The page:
Why yield cannot be the sole driver of an investment decision
With yield seemingly the sole focus for many investors nowadays, what we are about to tell you may be hard to believe. Yet there really was a time – and not all that long ago – when a high dividend yield could be taken as a solid indication a business was generally underappreciated by the market. As the following chart clearly illustrates, however, that is currently very much not the case.
Best quintile of dividend yield relative forward P/E ratios (1)
Source: Corporate reports, Empricial Research Partners Analysis, data shown from January 1987 to August 2016. (1)Capitalisation-weighted data
The chart, which was put together by our friends at Empirical Research Partners, shows the highest-yielding companies in the market standing at historically elevated valuations – particularly if financial businesses are removed from the equation. The striking conclusion to be drawn from this is that the market’s demand for income has made dividend yield an unreliable valuation metric.
This is a relatively new development but one that has coincided neatly with the rise in demand for so-called ‘bond proxy’ stocks in the years since the financial crisis. While you might expect to, and indeed will, see the likes of the tech sector among the most expensive parts of the market globally, you will now also find consumer staples, tobacco and other industries traditionally viewed by investors as stable – even ‘safe’.
We have argued before, in articles such as No defence, that there will come a time when the hunt for supposedly safe and stable ‘bond proxies’ will push up their valuations to a point where they can really no longer be considered either safe or stable. And one reason why this will happen, ironically enough, is that the reach for yield has now become the sole driver in a lot of investment decisions – effectively turning once solid and stable stocks into momentum plays.
Making matters more precarious still, the market’s readiness to reward companies with higher pay-out ratios raises the question of how long some businesses can maintain their dividends without impairing their intrinsic value. “Although these stocks are expensive on a number of metrics, they are, by definition, the cheapest ones in terms of dividend yield,” notes Empirical.
A high yield combined with low dividend cover can be a dangerous combination. Given how expensive many of these businesses are on long-term valuation metrics such as a 10-year cyclically-adjusted price/earnings ratio, if dividends are cut, you will not only find a hole in your income but you will probably also suffer a much larger hole in your capital pot because the shares will fall significantly as a consequence.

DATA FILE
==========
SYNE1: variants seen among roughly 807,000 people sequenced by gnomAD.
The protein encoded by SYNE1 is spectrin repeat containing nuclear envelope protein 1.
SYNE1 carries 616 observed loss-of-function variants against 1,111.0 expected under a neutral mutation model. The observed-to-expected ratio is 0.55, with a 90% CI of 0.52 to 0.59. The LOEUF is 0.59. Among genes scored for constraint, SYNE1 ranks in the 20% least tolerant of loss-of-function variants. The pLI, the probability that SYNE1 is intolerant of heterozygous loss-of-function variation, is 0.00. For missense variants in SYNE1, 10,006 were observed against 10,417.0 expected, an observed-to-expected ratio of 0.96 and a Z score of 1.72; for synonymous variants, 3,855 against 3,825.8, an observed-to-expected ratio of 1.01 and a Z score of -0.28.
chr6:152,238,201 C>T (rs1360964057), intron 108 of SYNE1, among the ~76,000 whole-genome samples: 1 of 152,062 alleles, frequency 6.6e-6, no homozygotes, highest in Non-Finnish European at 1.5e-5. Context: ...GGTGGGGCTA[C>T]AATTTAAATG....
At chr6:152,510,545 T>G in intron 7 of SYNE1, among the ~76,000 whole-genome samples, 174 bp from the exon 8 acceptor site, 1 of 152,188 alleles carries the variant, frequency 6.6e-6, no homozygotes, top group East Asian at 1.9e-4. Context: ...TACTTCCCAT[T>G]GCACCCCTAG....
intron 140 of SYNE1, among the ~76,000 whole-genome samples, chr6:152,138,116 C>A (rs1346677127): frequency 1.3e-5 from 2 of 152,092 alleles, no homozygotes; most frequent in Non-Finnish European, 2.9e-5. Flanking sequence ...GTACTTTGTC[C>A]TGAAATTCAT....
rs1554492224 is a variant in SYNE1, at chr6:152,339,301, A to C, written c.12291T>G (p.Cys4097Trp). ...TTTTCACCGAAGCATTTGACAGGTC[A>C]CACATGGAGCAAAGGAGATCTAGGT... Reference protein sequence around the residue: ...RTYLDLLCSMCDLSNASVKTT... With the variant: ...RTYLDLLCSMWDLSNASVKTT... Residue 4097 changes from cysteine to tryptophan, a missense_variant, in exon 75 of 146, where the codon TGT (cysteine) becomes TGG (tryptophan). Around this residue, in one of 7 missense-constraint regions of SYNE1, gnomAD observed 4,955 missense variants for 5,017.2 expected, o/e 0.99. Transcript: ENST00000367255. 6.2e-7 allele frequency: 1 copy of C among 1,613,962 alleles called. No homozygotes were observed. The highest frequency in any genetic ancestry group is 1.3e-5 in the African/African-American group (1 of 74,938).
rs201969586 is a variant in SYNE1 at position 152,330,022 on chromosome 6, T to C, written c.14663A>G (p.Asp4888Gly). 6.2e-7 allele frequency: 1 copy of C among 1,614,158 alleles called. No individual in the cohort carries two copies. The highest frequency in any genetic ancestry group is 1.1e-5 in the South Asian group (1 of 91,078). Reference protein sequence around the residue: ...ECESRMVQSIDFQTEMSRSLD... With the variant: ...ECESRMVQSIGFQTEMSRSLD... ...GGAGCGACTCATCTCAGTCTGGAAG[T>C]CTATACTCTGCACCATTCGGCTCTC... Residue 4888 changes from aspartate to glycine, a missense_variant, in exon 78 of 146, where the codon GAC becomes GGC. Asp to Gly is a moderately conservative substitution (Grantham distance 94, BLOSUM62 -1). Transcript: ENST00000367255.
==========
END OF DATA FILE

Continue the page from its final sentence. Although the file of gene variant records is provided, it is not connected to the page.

Such a concern can lead us to avoid some of the very highest dividend-paying companies in the market but, when we do so, it is because ultimately those dividends should not be paid in the first place. In short, here on The Value Perspective, we do not believe it is prudent to reach for the very highest yields when doing so risks our clients’ capital.
We would therefore suggest anyone for whom yield has become the only driver of investment decisions ask themselves the following important question:
“How much sense does a bond proxy’s valuation of 30x or so make once you take away its dividend?”
We do not believe we are going out on a limb in guessing that, for many people buying such stocks, the answer would be: “Not much at all.”
Prudent investment is always a question of balancing risk and reward so, in focusing only on yield, people are ignoring the second part of that equation. That may just have worked when otherwise unloved businesses used higher dividends to attract reluctant investors but, in today’s distorted markets, that is no longer the case.
As such, the value approach of tempering the immediate attractions of a business’s dividend yield with a cool appraisal of its balance-sheet strength has arguably never been more important. As the old adage goes, ‘sometimes a high yield tells you about the reward, but sometimes about the risks you are taking.’
I joined Schroders in 2010 as part of the Investment Communications team focusing on UK equities. In 2014 I moved across to the Value Investment team. Prior to joining Schroders I was an analyst at an independent capital markets research firm.
The views and opinions displayed are those of Nick Kirrage, Andrew Lyddon, Kevin Murphy, Andrew Williams, Andrew Evans, Simon Adler, Juan Torres Rodriguez, Liam Nunn, Vera German and Roberta Barr, members of the Schroder Global Value Equity Team (the Value Perspective Team), and other independent commentators where stated.
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